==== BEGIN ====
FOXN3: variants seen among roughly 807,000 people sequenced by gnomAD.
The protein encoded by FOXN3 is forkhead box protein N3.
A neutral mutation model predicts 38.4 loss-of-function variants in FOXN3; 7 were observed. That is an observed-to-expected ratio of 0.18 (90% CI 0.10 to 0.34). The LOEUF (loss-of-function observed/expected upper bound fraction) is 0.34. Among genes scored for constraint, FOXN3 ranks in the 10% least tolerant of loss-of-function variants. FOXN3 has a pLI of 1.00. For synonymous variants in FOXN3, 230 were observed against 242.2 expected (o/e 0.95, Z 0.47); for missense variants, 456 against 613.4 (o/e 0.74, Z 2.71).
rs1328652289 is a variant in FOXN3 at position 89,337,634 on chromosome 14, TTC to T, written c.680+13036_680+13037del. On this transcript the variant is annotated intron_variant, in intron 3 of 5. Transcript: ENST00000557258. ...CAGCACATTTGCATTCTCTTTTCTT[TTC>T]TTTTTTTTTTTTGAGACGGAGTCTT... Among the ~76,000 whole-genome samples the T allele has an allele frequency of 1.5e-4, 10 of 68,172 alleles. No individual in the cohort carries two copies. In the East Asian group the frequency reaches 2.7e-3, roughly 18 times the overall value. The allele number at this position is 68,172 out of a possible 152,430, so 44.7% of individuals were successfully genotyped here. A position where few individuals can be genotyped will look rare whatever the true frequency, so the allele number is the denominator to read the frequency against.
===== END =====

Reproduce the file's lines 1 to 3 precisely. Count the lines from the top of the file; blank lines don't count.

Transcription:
FOXN3: variants seen among roughly 807,000 people sequenced by gnomAD.
The protein encoded by FOXN3 is forkhead box protein N3.
A neutral mutation model predicts 38.4 loss-of-function variants in FOXN3; 7 were observed. That is an observed-to-expected ratio of 0.18 (90% CI 0.10 to 0.34). The LOEUF (loss-of-function observed/expected upper bound fraction) is 0.34. Among genes scored for constraint, FOXN3 ranks in the 10% least tolerant of loss-of-function variants. FOXN3 has a pLI of 1.00. For synonymous variants in FOXN3, 230 were observed against 242.2 expected (o/e 0.95, Z 0.47); for missense variants, 456 against 613.4 (o/e 0.74, Z 2.71).